Cases reported "Cerebral Hemorrhage"

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1/169. Intracerebral hemorrhage caused by cerebral amyloid angiopathy: a case report.

    cerebral amyloid angiopathy (CAA) accounts for approximately 10% of spontaneous intracerebral hemorrhages (ICH), and typically occurs in the cortex and subcortical white matter. It is characterized by the deposition of amyloid fibrils in the leptomeningeal, cortical and subcortical arteries. Pathologically, amyloid is stained pink with congo red and shows yellow-green birefringence when viewed under polarized light. Although there have been many reports of CAA in the literature, it has rarely been described in taiwan. This is the report of a case of a 75-year-old man with ICH caused by CAA. The postoperative course was uneventful. The incidence of this disease increases with age. The authors, therefore, suggest conducting a brain biopsy and special stain for CAA in each operative case of spontaneous ICH, especially in the elderly.
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2/169. cleidocranial dysplasia with neonatal death due to central nervous system injury in utero: case report and literature review.

    cleidocranial dysplasia (CCD), an uncommon disorder involving membranous bones, is rarely lethal in early life. The calvaria is defective and wormian bones are present. Abnormalities of the clavicles vary in severity from a minor unilateral defect to bilateral absence. This report concerns pre- and postmortem anatomical and radiological findings in a 15-day-old female neonate with CCD. Her postnatal course was characterized by seizures and recognition of hydrocephalus during the first day of life. The calvaria was hypoplastic with numerous wormian bones. A pseudofracture of the right clavicle was present. hydrocephalus was present in the brachycephalic brain which had a severely thinned cerebral cortex. hemosiderin in the ventricular lining and marked subependymal gliosis were interpreted as evidence of old intraventricular hemorrhage that had occurred in utero. A CCD-related condition, Yunis-Varon syndrome (YVS), is noted for early lethality and for developmental and secondary abnormalities of the central nervous system. The present case only partially matches the phenotype of YVS and might represent a part of a spectrum of phenotypic variants ranging from viable CCD to lethal YVS.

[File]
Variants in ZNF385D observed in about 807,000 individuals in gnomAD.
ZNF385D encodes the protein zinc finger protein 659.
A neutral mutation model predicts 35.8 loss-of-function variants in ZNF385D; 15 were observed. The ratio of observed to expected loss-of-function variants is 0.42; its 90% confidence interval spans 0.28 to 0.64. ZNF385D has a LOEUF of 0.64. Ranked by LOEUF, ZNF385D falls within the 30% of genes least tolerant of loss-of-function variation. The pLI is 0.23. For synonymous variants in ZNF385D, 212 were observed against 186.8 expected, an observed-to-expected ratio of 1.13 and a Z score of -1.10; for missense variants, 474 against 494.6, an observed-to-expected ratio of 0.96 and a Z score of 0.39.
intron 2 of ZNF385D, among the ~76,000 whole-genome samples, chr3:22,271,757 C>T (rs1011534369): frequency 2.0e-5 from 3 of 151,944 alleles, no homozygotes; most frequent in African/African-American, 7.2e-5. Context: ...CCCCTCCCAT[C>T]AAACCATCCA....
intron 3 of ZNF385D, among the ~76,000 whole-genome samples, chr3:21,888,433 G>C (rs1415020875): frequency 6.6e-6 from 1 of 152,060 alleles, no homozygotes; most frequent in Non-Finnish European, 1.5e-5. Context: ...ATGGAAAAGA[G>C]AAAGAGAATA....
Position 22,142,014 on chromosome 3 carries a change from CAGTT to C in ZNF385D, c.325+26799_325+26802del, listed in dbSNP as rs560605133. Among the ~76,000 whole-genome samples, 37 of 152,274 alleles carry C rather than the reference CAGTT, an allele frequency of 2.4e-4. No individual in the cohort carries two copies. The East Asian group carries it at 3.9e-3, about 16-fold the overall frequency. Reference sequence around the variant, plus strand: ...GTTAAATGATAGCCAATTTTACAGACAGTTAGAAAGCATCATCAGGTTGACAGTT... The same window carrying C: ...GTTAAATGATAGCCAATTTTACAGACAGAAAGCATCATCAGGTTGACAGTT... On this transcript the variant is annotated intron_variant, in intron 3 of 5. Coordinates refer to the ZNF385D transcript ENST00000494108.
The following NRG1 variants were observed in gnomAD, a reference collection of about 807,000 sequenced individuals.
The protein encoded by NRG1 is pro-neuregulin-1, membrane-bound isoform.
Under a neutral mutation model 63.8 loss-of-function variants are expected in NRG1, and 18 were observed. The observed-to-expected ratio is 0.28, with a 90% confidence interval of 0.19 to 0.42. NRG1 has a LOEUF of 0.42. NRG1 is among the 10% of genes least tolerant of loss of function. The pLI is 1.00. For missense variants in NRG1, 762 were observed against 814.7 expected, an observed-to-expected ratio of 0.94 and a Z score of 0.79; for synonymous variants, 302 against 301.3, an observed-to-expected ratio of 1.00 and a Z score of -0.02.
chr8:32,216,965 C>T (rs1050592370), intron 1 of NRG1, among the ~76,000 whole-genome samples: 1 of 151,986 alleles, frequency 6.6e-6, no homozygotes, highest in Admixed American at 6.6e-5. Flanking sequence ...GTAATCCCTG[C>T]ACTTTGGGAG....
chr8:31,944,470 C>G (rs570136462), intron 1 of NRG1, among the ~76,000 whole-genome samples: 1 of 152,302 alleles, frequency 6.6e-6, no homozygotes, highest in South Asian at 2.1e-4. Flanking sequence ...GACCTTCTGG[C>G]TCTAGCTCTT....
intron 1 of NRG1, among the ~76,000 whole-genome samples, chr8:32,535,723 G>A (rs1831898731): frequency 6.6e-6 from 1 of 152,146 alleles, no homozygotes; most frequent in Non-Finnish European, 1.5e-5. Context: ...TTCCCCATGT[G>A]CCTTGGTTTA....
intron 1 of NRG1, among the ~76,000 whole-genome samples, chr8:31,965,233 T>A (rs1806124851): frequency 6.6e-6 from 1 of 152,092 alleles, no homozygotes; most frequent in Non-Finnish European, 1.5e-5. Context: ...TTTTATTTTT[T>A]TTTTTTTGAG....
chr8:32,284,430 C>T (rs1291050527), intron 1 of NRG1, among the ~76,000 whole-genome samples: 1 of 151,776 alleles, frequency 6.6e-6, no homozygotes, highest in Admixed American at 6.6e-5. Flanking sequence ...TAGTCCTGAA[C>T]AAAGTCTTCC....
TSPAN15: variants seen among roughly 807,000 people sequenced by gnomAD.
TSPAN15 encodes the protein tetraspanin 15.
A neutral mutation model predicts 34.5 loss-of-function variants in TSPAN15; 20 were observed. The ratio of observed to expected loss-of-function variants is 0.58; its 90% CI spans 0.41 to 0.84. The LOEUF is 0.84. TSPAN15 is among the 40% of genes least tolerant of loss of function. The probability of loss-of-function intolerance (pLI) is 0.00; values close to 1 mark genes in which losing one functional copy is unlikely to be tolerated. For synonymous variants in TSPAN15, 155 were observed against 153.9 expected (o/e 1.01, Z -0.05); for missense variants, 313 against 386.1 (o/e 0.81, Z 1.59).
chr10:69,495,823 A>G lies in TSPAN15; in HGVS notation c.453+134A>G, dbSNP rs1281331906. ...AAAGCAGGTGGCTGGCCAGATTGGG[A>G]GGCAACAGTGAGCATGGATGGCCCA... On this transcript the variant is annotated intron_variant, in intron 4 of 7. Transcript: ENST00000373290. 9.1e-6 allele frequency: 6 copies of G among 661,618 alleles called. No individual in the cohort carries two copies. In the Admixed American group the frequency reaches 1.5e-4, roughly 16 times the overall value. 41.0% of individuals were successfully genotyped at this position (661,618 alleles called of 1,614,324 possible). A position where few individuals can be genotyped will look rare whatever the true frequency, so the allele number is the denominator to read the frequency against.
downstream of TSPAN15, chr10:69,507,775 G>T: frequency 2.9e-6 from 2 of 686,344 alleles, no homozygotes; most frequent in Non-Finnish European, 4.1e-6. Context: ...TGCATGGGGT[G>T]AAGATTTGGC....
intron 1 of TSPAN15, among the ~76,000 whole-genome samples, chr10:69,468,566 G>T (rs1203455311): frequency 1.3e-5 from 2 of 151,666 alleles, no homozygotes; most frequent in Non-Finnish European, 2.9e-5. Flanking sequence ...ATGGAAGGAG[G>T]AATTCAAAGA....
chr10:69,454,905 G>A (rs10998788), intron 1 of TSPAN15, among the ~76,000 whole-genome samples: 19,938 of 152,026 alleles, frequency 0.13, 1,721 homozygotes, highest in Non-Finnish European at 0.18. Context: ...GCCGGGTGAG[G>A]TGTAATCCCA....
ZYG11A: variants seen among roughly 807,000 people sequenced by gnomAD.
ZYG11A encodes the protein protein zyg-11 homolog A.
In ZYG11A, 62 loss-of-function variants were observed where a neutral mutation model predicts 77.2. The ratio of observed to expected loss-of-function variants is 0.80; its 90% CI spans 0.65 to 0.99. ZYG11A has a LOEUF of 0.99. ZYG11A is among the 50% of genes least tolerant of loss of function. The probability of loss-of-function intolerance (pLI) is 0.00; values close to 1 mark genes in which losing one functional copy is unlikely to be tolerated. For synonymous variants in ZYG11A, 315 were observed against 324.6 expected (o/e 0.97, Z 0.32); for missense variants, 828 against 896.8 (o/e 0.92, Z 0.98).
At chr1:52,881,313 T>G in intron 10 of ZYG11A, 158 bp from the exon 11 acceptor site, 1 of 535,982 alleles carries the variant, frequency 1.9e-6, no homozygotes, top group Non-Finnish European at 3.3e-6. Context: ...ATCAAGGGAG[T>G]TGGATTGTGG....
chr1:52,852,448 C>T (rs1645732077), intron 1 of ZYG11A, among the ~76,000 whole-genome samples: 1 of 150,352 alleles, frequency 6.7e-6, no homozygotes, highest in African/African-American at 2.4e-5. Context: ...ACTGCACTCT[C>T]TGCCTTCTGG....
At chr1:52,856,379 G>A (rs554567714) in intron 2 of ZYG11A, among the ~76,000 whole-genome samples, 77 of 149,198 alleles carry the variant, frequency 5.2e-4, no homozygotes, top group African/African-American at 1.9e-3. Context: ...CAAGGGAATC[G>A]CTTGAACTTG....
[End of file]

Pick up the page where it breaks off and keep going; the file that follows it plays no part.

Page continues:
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3/169. Transcortical sensory aphasia due to a left frontal subcortical haemorrhage.

    A case of transcortical sensory aphasia caused by a cerebral haemorrhage in the left frontal lobe is presented. A 72-year-old right-handed woman was admitted to the hospital, with a history of acute onset of speech disturbance and headache. On initial assessment, her spontaneous speech was fluent. She had no difficulty initiating speech, articulated normally, and did not exhibit logorrhea. Her ability to repeat phonemes and short sentences (5-6 words) was fully preserved, however she had severe difficulty with visual recognition of words, and with aural comprehension at the word level, although she was able to read words aloud. Computed tomography and magnetic resonance imaging showed cerebral haemorrhage in the left frontal lobe, involving the superior and middle frontal gyrus. Single photon emission CT revealed a wider area of low perfusion over the entire left frontal lobe, including the superior, middle and inferior frontal gyrus. The aphasia symptoms, mainly poor comprehension, disappeared quickly several weeks after the event. This may have been due to a reduction in the size of the haematoma and a resolution of the oedema around the haematoma. Clinically, the transcortical sensory aphasia in this case was indistinguishable from that caused by damage to the posterior language areas. Further case reports of transcortical sensory aphasia associated with frontal lobe lesions would help to confirm whether a relatively rapid recovery is characteristic in cases such as this.
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ranking = 0.19015813358284
keywords = visual
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4/169. brain imaging in a patient with hemimicropsia.